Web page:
Have you ever attended an annual meeting of an organization and been asked to vote to approve the minutes from the previous year’s annual meeting? How well did you remember that previous meeting? I am guessing that your memory was a bit fuzzy, unless something dramatic happened. There is a better way.
Use Minutes Approval Committee
The members of the organization can authorize the executive board, or a committee appointed for the purpose, a “Minutes Approval Committee,” to approve the meeting minutes. They will review the draft prepared by the secretary, make any corrections, and approve and sign the minutes. For a small organization, a committee of two will be large enough.
This is a much more realistic way to take care of this important bit of procedure than expecting people to dredge their memory bank months after the event.
Robert’s Rules of Order recommends this method for a body whose next regular business session will not be held within a quarterly time interval, or an organization in which there will be a change or replacement of a portion of the membership.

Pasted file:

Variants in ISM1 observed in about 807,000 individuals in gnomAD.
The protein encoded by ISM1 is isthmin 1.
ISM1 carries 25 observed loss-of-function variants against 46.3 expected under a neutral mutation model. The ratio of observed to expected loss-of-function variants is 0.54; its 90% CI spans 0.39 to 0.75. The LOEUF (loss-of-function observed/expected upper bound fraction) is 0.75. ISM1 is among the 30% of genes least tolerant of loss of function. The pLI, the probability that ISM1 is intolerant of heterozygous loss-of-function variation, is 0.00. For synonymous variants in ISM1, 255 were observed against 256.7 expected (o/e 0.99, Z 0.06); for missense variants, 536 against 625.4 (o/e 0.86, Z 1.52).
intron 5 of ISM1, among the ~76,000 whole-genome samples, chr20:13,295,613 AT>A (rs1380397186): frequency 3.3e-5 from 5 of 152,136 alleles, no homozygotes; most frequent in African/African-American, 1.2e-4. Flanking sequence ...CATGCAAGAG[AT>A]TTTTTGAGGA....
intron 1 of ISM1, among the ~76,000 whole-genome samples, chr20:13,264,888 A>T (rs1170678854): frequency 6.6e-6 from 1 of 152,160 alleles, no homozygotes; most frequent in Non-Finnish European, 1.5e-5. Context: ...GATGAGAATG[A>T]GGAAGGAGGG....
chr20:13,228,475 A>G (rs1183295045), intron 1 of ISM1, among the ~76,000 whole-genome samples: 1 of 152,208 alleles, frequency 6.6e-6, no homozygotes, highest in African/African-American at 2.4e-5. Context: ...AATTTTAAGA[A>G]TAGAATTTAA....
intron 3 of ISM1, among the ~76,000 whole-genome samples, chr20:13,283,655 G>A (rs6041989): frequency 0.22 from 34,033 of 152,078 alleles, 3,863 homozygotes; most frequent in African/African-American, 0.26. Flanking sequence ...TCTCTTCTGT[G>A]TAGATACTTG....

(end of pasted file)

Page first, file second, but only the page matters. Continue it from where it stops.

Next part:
A Washington state city asked what to do about the minutes of the last meeting of its Salary Commission, since their next Salary Commission will be convened in 2024. A Minutes Approval Committee consisting of two citizen members and one staff member who had attended the meetings filled the bill. The Commission could also have asked the City Council to approve their minutes.
Processing minutes prepared by Minutes Approval Committee
When the next annual or regular meeting rolls around, the minutes are presented for the members’ information. If they discover an error or material omission in the minutes, they can correct it by using the motion to Amend Something Previously Adopted. This takes a two-thirds vote, a majority vote with notice, the vote of a majority of the entire membership, or unanimous consent.
Read about this method on pp. 474-475 of Robert’s Rules of Order Newly Revised, 11th edition.